Military Wiki
Stearman XA-21 (Streamlined Cockpit)
Role Ground attack
Manufacturer Stearman
First flight 1938
Status Prototype
Primary user U.S. Army Air Corps
Number built 1

The Stearman Model X-100 was a competitor in an United States Army Air Corps competition for a twin-engined attack aircraft which (after redesigns) led to the Douglas A-20 Havoc, Martin A-22 Maryland and North American B-25 Mitchell.

Design and development

The X-100, designated XA-21 following purchase by the Army Air Corps, was a twin-engined high-winged monoplane of all metal construction.[1] It featured an unusual cockpit arrangement, much like those on most German World War II bombers designed during the war years, with a streamlined greenhouse canopy enclosing both the pilot and bombardier stations.[2]

Operational history

The XA-21 was first tested with the streamlined cockpit but this configuration was found to restrict the pilot's forward vision, and the aircraft was rebuilt with a conventional (stepped) nose and cockpit structure.[3] Although this change in the cockpit did not significantly affect performance, the XA-21 was not ordered into production.'[4]

The sole XA-21 had serial number 40-191.


 United States

Specifications (XA-21)

In flight

Front view

Data from Museum of the United States Air Force[4]

General characteristics

  • Crew: 3
  • Length: 53 ft 1 in (16.18 m)
  • Wingspan: 65 ft 0 in (19.81 m)
  • Height: 14 ft 2 in (4.32 m)
  • Wing area: 607 ft² (56.39 m²)
  • Empty weight: 12,760 lb (5,789 kg)
  • Loaded weight: 18,230 lb (8,269 kg)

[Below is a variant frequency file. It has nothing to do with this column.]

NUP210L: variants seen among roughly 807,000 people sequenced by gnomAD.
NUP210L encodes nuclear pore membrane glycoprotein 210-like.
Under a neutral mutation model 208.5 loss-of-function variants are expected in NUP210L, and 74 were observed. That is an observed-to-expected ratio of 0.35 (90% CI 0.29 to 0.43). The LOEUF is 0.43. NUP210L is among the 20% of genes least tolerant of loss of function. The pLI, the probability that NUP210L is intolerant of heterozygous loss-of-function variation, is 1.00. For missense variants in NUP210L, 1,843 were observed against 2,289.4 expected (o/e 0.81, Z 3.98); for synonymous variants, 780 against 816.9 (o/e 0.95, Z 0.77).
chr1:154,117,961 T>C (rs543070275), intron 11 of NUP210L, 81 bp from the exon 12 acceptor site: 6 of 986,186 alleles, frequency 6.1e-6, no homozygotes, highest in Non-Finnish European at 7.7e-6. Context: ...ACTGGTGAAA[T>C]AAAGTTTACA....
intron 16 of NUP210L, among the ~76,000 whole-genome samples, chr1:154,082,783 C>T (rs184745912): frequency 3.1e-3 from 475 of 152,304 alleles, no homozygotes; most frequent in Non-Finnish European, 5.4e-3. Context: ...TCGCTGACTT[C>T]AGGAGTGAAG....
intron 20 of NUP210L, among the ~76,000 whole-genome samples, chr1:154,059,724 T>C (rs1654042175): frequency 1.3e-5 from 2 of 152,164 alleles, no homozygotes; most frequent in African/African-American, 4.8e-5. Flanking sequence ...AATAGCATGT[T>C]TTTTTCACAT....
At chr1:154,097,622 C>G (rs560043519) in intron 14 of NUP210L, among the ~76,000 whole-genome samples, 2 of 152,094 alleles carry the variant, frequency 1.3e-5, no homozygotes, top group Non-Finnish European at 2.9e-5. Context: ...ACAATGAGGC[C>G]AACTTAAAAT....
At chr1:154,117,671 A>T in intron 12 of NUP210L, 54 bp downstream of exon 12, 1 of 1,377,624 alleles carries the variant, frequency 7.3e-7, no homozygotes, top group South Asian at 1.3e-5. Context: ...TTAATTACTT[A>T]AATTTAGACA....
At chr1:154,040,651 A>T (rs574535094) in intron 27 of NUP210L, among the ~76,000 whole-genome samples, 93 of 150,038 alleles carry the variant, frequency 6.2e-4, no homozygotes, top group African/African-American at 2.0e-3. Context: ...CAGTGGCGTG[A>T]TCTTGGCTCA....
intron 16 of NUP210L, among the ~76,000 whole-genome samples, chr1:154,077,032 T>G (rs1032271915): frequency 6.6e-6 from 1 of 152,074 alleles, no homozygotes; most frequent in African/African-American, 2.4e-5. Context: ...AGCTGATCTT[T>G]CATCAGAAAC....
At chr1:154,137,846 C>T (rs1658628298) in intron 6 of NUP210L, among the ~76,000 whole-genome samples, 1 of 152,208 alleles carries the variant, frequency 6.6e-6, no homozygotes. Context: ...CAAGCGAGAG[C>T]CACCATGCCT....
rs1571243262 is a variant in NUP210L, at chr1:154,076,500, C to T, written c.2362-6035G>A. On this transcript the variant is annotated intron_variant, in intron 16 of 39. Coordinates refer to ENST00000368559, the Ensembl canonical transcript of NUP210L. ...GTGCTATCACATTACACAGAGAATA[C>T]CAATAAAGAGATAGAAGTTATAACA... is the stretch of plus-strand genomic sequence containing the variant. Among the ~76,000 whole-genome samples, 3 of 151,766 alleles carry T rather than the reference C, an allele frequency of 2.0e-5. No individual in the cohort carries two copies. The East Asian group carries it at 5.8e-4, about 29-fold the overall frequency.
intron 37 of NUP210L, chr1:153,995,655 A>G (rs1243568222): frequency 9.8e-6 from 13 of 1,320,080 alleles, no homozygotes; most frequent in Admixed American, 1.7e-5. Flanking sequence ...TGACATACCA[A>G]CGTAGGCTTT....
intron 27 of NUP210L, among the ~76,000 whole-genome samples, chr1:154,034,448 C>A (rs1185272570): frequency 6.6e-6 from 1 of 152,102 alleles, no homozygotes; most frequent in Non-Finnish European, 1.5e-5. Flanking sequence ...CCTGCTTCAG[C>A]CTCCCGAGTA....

• Useful load: 5,560 lb (2,520 kg)
  • Powerplant: 2 × Pratt & Whitney R-2180-7 radial engines, 1,400 hp (1,030 kW) each


  • Maximum speed: 223 knots (257 mph, 414 km/h)
  • Cruise speed: 174 knots (200 mph, 322 km/h)
  • Wing loading: 30.0 lb/ft² (147 kg/m²)
  • Power/mass: 0.15 hp/b (250 W/kg)


  • Guns:
    • 4× wing-mounted 0.30 in (7.62 mm) M1919 Browning machine guns
    • 1× nose-mounted 0.30 in machine gun
    • 4× aft-firing 0.30 in machine guns
  • Bombs: 2,700 lb (1,200 kg)

See also


  1. "Stearman XA-21 (Stepped Cockpit)." Museum of the United States Air Force. Retrieved: 16 February 2011.
  2. Bowers 1989, p. 273.
  3. "Swift Attack Bombers Race For Jobs In Army Air Corps." Popular Mechanics, June 1939.
  4. 4.0 4.1 "Stearman XA-21 (Streamlined Cockpit)." Museum of the United States Air Force. Retrieved: 16 February 2011.
  • Bowers, Peter M. Boeing Aircraft since 1916. London: Putnam, Second edition, 1989. ISBN 0-85177-804-6.
  • Wagner, Ray. American Combat Planes of the 20th Century, Third Enlarged Edition. New York: Doubleday, 1982. ISBN 978-0-930083-17-5.

External links

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